US5644723A (en) * 1989-05-01 1997-07-01 Credit Verification Corporation Method and system for selective incentive point-of-sale marketing in response to customer shopping histories
US5659469A (en) * 1989-05-01 1997-08-19 Credit Verification Corporation Check transaction processing, database building and marketing method and system utilizing automatic check reading
US6424949B1 (en) 1989-05-01 2002-07-23 Catalina Marketing International, Inc. Method and system for selective incentive point-of-sale marketing in response to customer shopping histories
US8700458B2 (en) 1989-05-01 2014-04-15 Catalina Marketing Corporation System, method, and database for processing transactions
US6377935B1 (en) 1989-05-01 2002-04-23 Catalina Marketing International, Inc. Method and system for selective incentive point-of-sale marketing in response to customer shopping histories
US6351735B1 (en) 1989-05-01 2002-02-26 Catalina Marketing International, Inc. Check transaction processing, database building and marketing method and system utilizing automatic check reading
US6307958B1 (en) 1989-05-01 2001-10-23 Catalina Marketing International, Inc. Method and system for building a database for use with selective incentive marketing in response to customer shopping histories
US5675662A (en) * 1989-05-01 1997-10-07 Credit Verification Corporation Method and system for building a database for use with selective incentive marketing in response to customer shopping histories
US5257319A (en) * 1989-10-24 1993-10-26 Unisys Corporation Character recognition apparatus
US5026974A (en) * 1989-12-27 1991-06-25 Ncr Corporation Method for recognizing the leading edge of a character in E13B font
US6292786B1 (en) 1992-05-19 2001-09-18 Incentech, Inc. Method and system for generating incentives based on substantially real-time product purchase information
US5671291A (en) * 1994-02-03 1997-09-23 Dassault Automatismes Et Telecommunications Process and device for character recognition, in particular for standardized character type E-13B
US6327378B1 (en) * 1995-02-15 2001-12-04 Banctec, Inc. Character recognition method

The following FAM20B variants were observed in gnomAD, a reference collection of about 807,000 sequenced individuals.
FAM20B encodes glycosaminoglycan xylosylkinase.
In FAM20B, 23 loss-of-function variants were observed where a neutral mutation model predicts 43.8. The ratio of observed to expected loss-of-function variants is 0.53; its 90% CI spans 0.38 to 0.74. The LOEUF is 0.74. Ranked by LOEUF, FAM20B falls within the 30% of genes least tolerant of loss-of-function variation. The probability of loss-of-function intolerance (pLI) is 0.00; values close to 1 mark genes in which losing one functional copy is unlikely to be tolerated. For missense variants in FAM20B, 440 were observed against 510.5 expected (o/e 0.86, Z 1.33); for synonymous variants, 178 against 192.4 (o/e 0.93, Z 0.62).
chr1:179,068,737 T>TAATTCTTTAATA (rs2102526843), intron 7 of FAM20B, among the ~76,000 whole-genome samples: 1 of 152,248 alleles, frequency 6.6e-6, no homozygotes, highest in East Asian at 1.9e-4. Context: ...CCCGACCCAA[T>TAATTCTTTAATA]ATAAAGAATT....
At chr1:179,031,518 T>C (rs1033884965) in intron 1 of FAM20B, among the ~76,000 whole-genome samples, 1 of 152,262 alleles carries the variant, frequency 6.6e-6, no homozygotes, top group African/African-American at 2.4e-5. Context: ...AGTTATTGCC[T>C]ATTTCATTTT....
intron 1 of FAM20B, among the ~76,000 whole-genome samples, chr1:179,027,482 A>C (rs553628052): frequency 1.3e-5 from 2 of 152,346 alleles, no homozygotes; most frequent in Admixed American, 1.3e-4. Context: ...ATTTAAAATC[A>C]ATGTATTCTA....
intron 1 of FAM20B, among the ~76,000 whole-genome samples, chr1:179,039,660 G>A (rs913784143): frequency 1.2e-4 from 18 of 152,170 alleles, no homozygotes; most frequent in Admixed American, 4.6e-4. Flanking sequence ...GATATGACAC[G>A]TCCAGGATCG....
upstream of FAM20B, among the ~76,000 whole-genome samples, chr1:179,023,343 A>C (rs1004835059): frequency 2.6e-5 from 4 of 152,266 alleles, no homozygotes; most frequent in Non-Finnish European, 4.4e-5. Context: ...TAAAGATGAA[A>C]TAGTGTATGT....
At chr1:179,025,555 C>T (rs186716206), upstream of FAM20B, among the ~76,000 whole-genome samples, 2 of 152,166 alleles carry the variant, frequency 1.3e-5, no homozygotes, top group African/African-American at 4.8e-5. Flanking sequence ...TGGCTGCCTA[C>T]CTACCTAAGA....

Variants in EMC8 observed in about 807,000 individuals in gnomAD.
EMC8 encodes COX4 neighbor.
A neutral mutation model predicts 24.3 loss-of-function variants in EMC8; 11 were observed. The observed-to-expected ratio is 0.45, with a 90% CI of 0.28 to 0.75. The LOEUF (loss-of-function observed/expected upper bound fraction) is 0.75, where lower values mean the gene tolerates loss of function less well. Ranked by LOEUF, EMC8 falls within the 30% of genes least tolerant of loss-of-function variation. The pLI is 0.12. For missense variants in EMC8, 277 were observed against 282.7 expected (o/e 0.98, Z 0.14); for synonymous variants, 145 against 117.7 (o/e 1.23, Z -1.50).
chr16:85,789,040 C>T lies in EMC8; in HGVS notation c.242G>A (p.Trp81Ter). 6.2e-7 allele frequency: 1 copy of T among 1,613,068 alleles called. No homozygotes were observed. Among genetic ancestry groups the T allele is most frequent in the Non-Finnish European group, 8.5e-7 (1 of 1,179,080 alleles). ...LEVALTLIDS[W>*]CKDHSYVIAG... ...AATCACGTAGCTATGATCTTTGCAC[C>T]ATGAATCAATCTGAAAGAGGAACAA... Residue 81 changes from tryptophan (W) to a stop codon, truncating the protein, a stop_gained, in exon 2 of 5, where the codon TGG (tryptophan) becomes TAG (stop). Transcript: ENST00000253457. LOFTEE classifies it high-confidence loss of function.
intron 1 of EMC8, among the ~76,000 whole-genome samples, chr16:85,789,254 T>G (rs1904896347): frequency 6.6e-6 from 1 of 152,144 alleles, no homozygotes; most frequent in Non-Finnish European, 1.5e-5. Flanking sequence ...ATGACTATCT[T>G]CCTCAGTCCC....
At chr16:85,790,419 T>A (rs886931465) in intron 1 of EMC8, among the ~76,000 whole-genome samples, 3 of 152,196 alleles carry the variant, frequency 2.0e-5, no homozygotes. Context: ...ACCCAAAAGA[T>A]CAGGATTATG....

US5712564A (en) * 1995-12-29 1998-01-27 Unisys Corporation Magnetic ink recorder calibration apparatus and method
US6611811B1 (en) 1999-05-26 2003-08-26 Incentech, Inc. Method and system for accumulating marginal discounts and applying an associated incentive upon achieving threshold
US6516302B1 (en) 1999-05-26 2003-02-04 Incentech, Inc. Method and system for accumulating marginal discounts and applying an associated incentive upon achieving one of a plurality of thresholds
USRE45006E1 (en) 1999-05-26 2014-07-08 Midnight Blue Remote Access Llc Method and system for accumulating marginal discounts and applying an associated incentive upon achieving threshold
US6609104B1 (en) 1999-05-26 2003-08-19 Incentech, Inc. Method and system for accumulating marginal discounts and applying an associated incentive
US6993498B1 (en) 1999-07-15 2006-01-31 Midnight Blue Remote Access, Llc Point-of-sale server and method
US8712836B2 (en) 1999-07-15 2014-04-29 Midnight Blue Remote Access Llc Point-of-sale server and method
US7464050B1 (en) 1999-07-15 2008-12-09 Incentech, Inc. Method and system for facilitating consumer purchases
US8023718B1 (en) * 2007-01-16 2011-09-20 Burroughs Payment Systems, Inc. Method and system for linking front and rear images in a document reader/imager
US8023717B1 (en) * 2007-01-16 2011-09-20 Burroughs Payment Systems, Inc. Method and system for processing backwards documents in a document reader/imager
WO2012142985A1 (en) * 2011-04-19 2012-10-26 Balluff Gmbh Method for operating a distance sensor and device for performing the method
US9494678B2 (en) 2011-04-19 2016-11-15 Balluff Gmbh Method for operating a distance sensor and device for performing the method
US8636214B2 (en) * 2011-10-25 2014-01-28 International Business Machines Corporation Recognition of encoded information on documents
US20130098996A1 (en) * 2011-10-25 2013-04-25 International Business Machines Corporation Recognition of encoded information on documents

Also Published As

Publication number Publication date Type
FR2441888A1 (en) 1980-06-13 application
CA1119725A1 (en) grant
GB2036401A (en) 1980-06-25 application
DE2945519A1 (en) 1980-05-22 application
GB2036401B (en) 1983-07-20 grant
CA1119725A (en) 1982-03-09 grant
JPS5567871A (en) 1980-05-22 application